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'Midnight's' Director Brest Runs at a Rigorous Pace

July 20, 1988|LEONARD KLADY

"I think people who make movies start out with kind of lofty ideals," said director Martin Brest, whose "Midnight Run" opens today. "But it's work that conspires to put you into a cold, clinical professional mode very quickly. What I keep telling myself is that in making any movie, I've got to reflect and convey to the people I work with the reasons why I wanted to get into the business in the first place."

The bespectacled and faintly academic Brest makes giant candy-store movies that combine the best elements of fun and craftsmanship. He turned George Burns, Art Carney and Lee Strasberg into geriatric bank robbers in "Going in Style" and delivered the definitive screen Eddie Murphy with "Beverly Hills Cop."

"Midnight Run" is a cross-country romp about a skip tracer (Robert De Niro) working for a bail bondsman who agrees, for a steep commission, to escort a former mob accountant (Charles Grodin) from New York to Los Angeles. But the seemingly simple task is complicated by the accountant's fear of flying and a series of roadblocks provided by pursuing FBI agents, mob henchmen and a rival bounty hunter along the circuitous route.

Sitting in Patrick's Road House, a funky roadside restaurant off the Pacific Coast Highway in Santa Monica, Brest orchestrated his speech with animated gestures, talking about a film he completed less than two weeks ago.

"(Writer) George Gallo had come to me with another idea which I wasn't keen on," Brest said, recalling the beginning of his involvement with "Midnight Run." "But then he told me an anecdote about an L.A. sheriff (deputy) who was assigned to transport a prisoner from New York and discovered this guy had a deathly fear of taking planes. I thought that was the beginning of something very interesting."

The incident served as the catalyst for the screen adventures of De Niro's and Grodin's characters. On the other side of the camera, it evolved into a complex, 10-city shoot that Brest said was easily the most difficult emotional and physical challenge he has faced as a director.

Five weeks into the four-month filming, his camera crew, assistant director and several other key technical and production staff quit. A source who worked on the film said a combination of the rigorous pace and a lack of personal chemistry between Brest and those crew members quietly came to a head. The source insisted that "there was no smoking gun."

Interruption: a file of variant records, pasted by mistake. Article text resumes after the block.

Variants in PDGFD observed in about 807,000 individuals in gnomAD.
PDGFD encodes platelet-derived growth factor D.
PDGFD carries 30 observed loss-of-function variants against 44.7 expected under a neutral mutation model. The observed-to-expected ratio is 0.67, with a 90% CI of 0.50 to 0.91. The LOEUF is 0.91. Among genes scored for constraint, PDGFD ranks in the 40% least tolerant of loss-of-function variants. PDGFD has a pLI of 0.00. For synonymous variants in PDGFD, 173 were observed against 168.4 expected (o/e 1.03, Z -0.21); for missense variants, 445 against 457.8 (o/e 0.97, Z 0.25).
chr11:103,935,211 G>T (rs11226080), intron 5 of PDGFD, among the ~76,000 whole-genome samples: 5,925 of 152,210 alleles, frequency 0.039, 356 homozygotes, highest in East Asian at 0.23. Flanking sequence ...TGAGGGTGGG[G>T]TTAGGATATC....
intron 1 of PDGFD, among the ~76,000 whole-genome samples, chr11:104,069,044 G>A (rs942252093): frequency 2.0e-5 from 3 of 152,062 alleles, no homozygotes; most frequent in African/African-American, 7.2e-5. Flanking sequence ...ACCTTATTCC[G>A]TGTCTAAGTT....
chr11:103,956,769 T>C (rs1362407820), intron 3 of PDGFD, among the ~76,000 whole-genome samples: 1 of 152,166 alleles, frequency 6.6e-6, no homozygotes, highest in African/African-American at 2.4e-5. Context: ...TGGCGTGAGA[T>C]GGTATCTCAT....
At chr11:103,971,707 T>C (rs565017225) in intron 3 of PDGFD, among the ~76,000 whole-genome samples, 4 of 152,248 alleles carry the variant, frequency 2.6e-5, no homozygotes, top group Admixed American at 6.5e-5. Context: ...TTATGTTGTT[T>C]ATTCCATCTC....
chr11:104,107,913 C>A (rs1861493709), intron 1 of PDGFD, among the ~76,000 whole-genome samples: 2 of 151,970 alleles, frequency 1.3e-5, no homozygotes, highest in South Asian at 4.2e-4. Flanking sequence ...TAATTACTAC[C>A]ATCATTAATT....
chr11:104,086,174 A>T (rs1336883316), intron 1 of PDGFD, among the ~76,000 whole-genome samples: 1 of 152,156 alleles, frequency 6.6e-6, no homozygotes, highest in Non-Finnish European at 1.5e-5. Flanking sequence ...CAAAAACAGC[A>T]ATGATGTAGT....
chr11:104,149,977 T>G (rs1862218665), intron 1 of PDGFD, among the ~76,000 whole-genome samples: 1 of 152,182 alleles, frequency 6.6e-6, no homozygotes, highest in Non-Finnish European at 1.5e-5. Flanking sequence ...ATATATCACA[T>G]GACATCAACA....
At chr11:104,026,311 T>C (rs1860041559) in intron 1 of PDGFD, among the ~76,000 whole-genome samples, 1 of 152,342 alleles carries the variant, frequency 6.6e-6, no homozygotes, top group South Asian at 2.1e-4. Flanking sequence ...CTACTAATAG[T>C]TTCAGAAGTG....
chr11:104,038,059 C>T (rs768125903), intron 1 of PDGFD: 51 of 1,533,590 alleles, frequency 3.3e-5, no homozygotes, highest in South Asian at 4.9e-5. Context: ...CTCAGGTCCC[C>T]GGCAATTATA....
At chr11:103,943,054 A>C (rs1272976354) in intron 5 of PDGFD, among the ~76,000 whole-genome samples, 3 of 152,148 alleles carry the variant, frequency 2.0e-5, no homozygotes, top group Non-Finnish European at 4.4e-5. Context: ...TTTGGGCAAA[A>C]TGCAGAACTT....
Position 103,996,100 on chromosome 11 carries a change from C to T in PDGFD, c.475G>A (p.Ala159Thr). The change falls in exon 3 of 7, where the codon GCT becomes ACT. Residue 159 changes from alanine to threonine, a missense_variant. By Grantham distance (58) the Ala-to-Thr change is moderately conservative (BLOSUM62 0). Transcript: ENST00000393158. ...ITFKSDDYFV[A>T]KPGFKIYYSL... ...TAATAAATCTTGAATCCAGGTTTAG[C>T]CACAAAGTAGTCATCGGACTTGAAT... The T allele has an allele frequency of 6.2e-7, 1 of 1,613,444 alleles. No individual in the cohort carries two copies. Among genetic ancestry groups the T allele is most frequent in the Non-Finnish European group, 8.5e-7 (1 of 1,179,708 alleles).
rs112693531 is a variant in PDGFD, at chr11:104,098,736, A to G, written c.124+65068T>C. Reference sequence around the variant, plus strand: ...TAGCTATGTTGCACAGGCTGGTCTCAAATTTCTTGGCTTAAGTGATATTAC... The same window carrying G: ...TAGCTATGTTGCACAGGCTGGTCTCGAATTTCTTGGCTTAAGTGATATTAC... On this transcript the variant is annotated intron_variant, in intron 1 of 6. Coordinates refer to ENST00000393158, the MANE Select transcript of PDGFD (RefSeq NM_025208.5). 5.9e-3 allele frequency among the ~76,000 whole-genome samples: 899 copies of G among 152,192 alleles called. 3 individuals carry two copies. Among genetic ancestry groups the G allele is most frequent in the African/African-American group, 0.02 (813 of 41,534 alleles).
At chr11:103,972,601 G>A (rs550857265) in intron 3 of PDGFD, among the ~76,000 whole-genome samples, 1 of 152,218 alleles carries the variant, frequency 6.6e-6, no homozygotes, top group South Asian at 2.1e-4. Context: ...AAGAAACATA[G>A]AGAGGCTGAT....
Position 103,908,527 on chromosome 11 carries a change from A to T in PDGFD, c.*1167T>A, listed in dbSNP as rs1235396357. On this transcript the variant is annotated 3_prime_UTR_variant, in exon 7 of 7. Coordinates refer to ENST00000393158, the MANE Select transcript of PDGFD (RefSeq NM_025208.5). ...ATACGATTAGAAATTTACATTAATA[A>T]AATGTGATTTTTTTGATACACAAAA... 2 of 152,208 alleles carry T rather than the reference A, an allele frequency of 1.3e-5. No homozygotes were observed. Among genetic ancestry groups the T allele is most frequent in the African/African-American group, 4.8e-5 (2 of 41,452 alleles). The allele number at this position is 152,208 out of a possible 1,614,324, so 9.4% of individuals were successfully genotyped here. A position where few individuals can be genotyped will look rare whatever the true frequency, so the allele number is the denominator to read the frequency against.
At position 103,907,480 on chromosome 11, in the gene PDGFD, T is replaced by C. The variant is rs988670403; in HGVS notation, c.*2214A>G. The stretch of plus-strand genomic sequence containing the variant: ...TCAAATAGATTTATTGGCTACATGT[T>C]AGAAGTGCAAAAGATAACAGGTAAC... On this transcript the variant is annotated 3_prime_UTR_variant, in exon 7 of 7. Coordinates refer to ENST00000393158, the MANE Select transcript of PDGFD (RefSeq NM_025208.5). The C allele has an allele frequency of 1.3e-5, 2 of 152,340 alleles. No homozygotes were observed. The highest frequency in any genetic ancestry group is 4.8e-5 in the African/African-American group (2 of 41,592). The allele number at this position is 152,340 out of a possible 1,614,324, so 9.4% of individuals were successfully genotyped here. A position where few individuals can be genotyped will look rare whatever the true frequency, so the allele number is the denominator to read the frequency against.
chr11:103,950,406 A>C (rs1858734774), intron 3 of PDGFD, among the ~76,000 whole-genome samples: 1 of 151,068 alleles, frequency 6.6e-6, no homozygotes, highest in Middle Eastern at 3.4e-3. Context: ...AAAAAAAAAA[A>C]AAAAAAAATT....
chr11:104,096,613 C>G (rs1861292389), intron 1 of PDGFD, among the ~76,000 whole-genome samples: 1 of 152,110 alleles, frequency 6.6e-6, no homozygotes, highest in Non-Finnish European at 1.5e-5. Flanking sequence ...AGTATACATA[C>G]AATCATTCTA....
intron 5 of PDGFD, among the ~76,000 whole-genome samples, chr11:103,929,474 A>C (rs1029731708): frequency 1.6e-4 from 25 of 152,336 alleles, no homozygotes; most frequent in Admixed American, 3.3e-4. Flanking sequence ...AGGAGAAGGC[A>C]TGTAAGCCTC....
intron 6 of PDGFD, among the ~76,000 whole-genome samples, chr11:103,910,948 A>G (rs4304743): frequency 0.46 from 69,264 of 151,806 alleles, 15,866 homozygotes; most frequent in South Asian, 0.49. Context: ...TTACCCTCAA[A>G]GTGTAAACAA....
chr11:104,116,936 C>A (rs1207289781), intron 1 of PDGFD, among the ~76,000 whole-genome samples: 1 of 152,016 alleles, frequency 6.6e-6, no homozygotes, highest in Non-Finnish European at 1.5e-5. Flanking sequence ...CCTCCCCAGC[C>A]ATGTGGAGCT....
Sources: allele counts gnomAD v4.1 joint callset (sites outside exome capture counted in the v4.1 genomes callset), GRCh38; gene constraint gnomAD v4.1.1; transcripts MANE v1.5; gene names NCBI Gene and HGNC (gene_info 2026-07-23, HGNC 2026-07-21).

"My job is to create an environment where people can do their best work," Brest said. "Therefore, it's essential you share a common attitude with your collaborators. Generally, my instincts about who I'm compatible with are pretty good. This time, I made a mistake."

Actor Charles Grodin said the director had a "fiendish dedication" to the film that included working cast and crew members on Sundays, through lunch hours, even on Thanksgiving.

"Marty wants you to work harder, and because he's giving his all you want to do your best," Grodin said. "I can think of times when I was gasping and freezing and he'd ask (De Niro) and I, 'Have you got one more (take) in you?' It isn't in my ethic to say no, but I also really want to do another because I know he's looking for something better."

Grodin had an agreement with Brest that he wouldn't be asked to do anything physical that the director wouldn't do himself. Before filming scenes in fierce white-water rapids, Grodin said he asked Brest for assurance that he wouldn't be bashed against a rock and Brest explained the safety precautions being taken.

Finally, Brest told Grodin that he couldn't give him an absolute guarantee he wouldn't be hurt, but offered to jump in to show him how it would work. Grodin said he didn't want to win his point the hard way, but Brest unexpectedly dived into the raging waters.

Emerging several minutes later, soaked and bedraggled, he thrust his hands into the air and gasped triumphantly, "See, nothing to it."

"I feel in a peculiar way like an astronaut when I'm making a film," Brest said. "I shed all my humanistic characteristics when I'm working. I don't eat a lot, don't sleep much and, other than what I'm addressing in the film, don't carry on too many conversations. I'd like to be able to do other things, to contemplate what I'll do next, after we've finished shooting for the day, but I can't."

For the moment, Brest is content to watch his film open and enjoy time with his wife, producer Lisa Weinstein, and their 14-month-old son, Isaac.

A graduate of New York University Film School, Brest arrived in Hollywood as an American Film Institute Fellow in the mid-'70s. He said he cut classes at the institute to work on his first feature. When he was caught, he said he was put on probation and told that the institute "makes film makers not films."

"I pursued film because I thought this was the coolest job," he said. "I loved the idea of working with writers and musicians and photographers and actors at the same time. It sounds corny but the opportunity to work with De Niro was a dream come true for me. I truly am happiest in a working environment where I can encourage and create surprises."

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